Growing up as the daughter of a Lutheran pastor in a rural Ohio, Moriah Reichert knows the inescapable awareness and responsibility being “the pastor's kid" brings.
In a town barely bigger than the population of Capital University, even a small act of teenage rebellion can escalate quickly and fuel local gossip. So, when she came home to Archbold on the day before Easter and attended worship with pink and purple hair, she provided plenty of fuel for the rumor mill.
Her parents, on the other hand, took it all in stride. Moriah’s dad reassured her that if people can’t see beyond the color of her hair – especially in a church – there are bigger issues to talk about.
“I really have wonderful parents," Moriah said. “They are always willing to help guide my siblings and me through some of those pressures so that we didn’t just fall into rebellion. I always felt they were a safe place to go and talk to.”
Fortunately, the Moriah most people know is a rebel with a cause. The Capital University junior is an inquisitive scholar committed to understanding the complex ideology of 19th-century German philosopher Friedrich Nietzsche, whose work and transformative thought has largely influenced the contemporary western world. This pursuit led her to a 10-week summer research project titled, “Spiritual, not Religious,” which explores the post-modern phenomenon responsible for spawning a growing demographic in America of people who don’t affiliate with the traditional religious institutions but still seek meaning within the divine.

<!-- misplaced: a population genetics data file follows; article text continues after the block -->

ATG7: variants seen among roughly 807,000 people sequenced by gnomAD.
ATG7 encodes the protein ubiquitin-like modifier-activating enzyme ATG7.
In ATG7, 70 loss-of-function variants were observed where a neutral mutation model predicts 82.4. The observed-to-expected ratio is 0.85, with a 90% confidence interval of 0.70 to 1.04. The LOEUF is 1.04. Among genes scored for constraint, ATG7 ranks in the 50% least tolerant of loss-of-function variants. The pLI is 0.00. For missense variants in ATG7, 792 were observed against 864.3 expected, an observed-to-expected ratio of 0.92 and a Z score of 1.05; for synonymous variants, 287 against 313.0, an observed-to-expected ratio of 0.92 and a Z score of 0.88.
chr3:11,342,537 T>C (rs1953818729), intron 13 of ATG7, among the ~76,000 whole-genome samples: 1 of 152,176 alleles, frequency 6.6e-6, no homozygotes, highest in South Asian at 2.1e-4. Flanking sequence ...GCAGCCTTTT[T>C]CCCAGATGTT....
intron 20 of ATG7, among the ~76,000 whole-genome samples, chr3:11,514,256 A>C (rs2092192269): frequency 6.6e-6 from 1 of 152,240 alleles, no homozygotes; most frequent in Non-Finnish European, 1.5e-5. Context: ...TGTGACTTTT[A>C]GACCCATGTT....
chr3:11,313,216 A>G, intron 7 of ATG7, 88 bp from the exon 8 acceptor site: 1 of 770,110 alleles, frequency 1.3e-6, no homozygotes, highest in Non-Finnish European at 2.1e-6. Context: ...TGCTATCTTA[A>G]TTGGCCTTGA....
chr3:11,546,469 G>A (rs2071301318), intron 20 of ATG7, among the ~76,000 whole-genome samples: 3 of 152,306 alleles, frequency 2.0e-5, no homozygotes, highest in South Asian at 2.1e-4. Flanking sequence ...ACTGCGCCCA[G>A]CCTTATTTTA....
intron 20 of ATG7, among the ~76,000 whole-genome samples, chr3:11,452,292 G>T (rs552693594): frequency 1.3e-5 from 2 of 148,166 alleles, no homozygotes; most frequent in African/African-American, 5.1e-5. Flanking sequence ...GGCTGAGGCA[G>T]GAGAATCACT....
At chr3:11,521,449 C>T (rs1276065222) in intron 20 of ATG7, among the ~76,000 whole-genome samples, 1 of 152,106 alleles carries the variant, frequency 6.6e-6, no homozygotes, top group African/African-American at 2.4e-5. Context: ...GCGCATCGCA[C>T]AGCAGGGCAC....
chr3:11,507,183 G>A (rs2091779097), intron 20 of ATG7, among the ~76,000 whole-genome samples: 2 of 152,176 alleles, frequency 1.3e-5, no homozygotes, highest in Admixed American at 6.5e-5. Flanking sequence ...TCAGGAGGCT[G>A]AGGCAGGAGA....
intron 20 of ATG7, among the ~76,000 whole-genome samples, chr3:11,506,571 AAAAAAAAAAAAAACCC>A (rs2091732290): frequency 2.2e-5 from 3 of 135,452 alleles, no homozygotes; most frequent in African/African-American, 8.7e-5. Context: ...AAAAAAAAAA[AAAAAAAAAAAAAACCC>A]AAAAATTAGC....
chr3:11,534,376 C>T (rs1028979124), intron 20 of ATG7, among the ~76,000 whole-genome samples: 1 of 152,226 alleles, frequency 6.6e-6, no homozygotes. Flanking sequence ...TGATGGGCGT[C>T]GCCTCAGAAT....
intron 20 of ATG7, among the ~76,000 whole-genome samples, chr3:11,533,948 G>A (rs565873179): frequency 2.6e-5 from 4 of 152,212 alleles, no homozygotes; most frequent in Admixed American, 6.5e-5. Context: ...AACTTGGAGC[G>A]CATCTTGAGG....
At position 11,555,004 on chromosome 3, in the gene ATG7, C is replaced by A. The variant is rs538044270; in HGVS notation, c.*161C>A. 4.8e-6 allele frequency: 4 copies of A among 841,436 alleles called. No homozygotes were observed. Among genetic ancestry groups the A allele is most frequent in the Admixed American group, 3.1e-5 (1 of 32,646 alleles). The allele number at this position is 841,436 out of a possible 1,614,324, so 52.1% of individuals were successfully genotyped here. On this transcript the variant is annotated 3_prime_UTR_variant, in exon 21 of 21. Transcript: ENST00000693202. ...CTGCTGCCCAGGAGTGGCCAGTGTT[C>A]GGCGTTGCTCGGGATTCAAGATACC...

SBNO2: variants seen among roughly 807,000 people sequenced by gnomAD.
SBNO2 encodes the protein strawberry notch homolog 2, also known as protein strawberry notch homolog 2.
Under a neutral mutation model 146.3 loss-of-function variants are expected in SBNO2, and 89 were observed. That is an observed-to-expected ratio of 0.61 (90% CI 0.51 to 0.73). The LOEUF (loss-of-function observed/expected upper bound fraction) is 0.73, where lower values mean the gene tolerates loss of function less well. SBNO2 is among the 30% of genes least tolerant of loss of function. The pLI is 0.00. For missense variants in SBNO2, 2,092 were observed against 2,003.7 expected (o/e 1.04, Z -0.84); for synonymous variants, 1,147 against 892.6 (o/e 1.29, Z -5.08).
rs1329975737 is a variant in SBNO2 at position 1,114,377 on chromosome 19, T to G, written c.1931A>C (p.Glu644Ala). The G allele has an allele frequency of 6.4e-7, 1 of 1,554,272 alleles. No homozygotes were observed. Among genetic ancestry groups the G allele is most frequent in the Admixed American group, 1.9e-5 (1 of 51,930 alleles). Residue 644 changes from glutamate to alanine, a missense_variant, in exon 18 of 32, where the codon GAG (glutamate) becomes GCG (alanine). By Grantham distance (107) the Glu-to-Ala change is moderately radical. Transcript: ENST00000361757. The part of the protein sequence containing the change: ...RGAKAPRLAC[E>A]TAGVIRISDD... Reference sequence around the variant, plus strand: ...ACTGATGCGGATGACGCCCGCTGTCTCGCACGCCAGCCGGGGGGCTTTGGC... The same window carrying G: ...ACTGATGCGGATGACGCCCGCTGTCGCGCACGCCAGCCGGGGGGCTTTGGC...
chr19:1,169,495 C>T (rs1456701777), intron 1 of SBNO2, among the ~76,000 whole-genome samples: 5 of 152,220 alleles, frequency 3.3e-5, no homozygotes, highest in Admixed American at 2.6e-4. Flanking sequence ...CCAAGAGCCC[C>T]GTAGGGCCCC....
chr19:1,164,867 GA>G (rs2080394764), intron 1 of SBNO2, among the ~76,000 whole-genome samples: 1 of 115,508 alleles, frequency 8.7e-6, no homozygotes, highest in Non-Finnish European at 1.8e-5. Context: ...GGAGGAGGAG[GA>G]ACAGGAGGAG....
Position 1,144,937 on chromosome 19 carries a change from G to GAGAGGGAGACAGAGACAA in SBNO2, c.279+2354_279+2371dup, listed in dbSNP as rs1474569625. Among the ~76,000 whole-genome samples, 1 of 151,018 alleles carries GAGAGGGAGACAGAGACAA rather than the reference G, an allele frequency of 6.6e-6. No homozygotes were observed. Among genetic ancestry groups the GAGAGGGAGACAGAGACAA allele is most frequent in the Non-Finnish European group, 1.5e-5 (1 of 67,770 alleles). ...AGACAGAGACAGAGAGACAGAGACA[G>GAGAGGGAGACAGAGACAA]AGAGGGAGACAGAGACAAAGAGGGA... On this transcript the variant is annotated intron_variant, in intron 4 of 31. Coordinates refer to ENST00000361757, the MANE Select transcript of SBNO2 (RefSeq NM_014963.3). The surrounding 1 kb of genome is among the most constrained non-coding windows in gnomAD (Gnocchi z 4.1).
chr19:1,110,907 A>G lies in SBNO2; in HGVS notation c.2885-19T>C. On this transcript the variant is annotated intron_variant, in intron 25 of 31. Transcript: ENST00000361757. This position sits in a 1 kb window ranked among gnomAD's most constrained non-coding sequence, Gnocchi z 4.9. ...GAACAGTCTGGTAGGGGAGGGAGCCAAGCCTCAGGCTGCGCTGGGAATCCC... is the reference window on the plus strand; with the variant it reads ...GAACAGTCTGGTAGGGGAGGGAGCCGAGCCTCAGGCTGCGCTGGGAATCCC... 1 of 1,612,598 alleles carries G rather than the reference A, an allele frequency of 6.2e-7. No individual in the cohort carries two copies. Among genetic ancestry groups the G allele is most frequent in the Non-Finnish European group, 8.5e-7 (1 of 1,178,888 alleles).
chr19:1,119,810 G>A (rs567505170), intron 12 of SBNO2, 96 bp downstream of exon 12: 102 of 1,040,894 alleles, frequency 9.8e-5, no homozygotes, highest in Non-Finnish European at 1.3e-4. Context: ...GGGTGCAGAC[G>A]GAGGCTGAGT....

“As someone who grew up in the church, and as a religious studies major, I find it fascinating the way people find spiritual fulfillment,” said Moriah. “One thing the church needs to look at is that there are people who are still asking the deeper questions, even if they’re not affiliated. They are still investing that time.”
She points out that, historically, the words spiritual and religious have been synonymous. But that is changing. Moriah has found, through her research, that the word “spiritual” appeals to people as a more private, personal and inner experience, while a word like “religion” is often regarded as being associated with the institution.
Word associations are key to research, and Moriah’s research showed people consistently would place negative words like institution, hierarchy and dogma under the religion column. But under spirituality, they tend to put things like prayer and experience, along with various types of more positive words.
Challenging established institutions and the status quo through free inquiry, critical thinking and willingness to change are among the core principles of Lutheran higher education. So, with an opportunity to start fall 2017 studying abroad in Heidelberg, Germany, Moriah couldn't pass up traveling to center of one of the most transformative events in recorded history.
– Moriah Reichert